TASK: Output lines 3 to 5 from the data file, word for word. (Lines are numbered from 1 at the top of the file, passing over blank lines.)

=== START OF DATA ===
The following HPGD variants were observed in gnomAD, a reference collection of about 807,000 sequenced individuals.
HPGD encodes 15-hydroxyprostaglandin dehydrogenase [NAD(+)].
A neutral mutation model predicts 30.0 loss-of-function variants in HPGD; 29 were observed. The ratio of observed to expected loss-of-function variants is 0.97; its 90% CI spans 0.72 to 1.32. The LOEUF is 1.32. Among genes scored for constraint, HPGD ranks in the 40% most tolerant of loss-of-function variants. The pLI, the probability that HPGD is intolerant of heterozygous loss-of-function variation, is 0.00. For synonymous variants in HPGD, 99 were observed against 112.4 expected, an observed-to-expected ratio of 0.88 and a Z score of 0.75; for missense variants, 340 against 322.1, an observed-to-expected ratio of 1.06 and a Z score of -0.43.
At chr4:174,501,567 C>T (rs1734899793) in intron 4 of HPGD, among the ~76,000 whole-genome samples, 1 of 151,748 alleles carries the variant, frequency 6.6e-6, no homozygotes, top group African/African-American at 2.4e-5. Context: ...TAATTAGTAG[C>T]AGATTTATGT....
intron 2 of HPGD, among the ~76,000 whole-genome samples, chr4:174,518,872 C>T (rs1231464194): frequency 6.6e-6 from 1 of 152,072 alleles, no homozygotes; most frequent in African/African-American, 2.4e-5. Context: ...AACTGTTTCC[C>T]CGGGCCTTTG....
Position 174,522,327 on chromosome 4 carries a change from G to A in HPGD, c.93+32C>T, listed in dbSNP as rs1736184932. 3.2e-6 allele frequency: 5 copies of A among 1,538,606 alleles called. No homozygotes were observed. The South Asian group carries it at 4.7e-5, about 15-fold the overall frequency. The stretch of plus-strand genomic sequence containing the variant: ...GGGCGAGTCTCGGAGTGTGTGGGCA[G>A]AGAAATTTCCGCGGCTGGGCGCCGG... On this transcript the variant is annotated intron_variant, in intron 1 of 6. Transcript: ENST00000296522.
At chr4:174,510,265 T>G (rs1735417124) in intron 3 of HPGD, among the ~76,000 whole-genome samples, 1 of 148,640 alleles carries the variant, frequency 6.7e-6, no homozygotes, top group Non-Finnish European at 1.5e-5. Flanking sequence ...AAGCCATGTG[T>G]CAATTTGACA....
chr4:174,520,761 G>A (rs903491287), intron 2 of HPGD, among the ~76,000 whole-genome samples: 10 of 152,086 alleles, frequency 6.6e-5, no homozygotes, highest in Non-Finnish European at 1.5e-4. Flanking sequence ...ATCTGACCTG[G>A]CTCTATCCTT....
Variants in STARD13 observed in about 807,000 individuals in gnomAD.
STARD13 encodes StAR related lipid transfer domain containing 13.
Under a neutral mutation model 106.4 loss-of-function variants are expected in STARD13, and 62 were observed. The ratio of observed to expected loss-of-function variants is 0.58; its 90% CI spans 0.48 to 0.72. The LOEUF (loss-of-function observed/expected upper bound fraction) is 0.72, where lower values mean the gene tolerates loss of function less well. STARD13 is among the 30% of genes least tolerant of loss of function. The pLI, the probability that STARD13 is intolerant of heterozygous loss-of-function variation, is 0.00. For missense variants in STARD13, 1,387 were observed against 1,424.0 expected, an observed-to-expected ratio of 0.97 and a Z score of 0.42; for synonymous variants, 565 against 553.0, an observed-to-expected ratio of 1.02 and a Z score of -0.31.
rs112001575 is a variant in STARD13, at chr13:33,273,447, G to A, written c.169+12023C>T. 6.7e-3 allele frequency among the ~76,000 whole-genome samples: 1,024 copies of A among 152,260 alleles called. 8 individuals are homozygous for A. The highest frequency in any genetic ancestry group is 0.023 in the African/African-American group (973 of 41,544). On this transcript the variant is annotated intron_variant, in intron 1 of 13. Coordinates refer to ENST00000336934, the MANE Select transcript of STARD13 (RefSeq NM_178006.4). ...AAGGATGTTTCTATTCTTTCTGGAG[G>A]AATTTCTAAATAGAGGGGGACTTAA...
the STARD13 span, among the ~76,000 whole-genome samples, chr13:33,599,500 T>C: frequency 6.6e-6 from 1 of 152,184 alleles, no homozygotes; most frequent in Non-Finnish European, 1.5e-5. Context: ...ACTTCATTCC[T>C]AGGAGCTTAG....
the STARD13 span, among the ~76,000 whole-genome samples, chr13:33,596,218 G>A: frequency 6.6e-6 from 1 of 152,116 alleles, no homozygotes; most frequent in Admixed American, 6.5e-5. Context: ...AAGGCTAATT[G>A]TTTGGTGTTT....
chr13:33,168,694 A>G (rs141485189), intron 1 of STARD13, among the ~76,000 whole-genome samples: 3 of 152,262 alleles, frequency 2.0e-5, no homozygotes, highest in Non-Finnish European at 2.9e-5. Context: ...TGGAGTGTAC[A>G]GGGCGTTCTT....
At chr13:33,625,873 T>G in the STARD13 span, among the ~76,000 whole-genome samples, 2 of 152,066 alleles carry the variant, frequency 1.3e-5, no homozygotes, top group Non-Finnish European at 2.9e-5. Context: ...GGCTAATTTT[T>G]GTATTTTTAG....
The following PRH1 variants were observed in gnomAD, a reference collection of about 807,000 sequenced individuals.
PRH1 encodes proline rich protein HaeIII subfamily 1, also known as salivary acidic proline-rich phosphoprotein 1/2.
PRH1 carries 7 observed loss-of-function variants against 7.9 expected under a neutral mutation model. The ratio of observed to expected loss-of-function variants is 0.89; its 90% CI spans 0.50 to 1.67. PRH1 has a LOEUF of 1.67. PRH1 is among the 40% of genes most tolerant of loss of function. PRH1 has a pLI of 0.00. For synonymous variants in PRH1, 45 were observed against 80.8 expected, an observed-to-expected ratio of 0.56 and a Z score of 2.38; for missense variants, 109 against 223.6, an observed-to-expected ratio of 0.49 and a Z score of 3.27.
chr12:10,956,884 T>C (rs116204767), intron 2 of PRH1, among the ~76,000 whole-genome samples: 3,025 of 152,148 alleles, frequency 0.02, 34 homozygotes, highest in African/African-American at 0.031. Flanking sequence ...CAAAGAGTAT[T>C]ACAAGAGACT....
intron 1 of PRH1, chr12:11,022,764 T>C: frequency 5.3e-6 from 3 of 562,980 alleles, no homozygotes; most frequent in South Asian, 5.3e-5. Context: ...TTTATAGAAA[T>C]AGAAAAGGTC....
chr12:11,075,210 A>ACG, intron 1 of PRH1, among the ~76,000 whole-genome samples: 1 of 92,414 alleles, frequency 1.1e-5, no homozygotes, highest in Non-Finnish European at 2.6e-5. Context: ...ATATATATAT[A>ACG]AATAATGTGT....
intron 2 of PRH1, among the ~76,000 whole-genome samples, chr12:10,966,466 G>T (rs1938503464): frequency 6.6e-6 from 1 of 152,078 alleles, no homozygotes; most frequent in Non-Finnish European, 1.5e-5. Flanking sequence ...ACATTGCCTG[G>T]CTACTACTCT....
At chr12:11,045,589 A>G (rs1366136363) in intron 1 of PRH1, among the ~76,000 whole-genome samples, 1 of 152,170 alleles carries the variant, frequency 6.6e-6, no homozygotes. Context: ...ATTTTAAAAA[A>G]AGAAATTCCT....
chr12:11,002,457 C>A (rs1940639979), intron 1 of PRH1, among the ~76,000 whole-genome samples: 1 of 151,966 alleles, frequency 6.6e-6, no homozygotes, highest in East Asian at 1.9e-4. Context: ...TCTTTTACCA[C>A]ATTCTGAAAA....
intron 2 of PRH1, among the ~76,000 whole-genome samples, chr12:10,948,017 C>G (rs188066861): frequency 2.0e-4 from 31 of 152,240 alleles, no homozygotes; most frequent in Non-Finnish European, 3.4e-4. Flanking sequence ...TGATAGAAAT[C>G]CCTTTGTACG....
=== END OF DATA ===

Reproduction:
A neutral mutation model predicts 30.0 loss-of-function variants in HPGD; 29 were observed. The ratio of observed to expected loss-of-function variants is 0.97; its 90% CI spans 0.72 to 1.32. The LOEUF is 1.32. Among genes scored for constraint, HPGD ranks in the 40% most tolerant of loss-of-function variants. The pLI, the probability that HPGD is intolerant of heterozygous loss-of-function variation, is 0.00. For synonymous variants in HPGD, 99 were observed against 112.4 expected, an observed-to-expected ratio of 0.88 and a Z score of 0.75; for missense variants, 340 against 322.1, an observed-to-expected ratio of 1.06 and a Z score of -0.43.
At chr4:174,501,567 C>T (rs1734899793) in intron 4 of HPGD, among the ~76,000 whole-genome samples, 1 of 151,748 alleles carries the variant, frequency 6.6e-6, no homozygotes, top group African/African-American at 2.4e-5. Context: ...TAATTAGTAG[C>T]AGATTTATGT....
intron 2 of HPGD, among the ~76,000 whole-genome samples, chr4:174,518,872 C>T (rs1231464194): frequency 6.6e-6 from 1 of 152,072 alleles, no homozygotes; most frequent in African/African-American, 2.4e-5. Context: ...AACTGTTTCC[C>T]CGGGCCTTTG....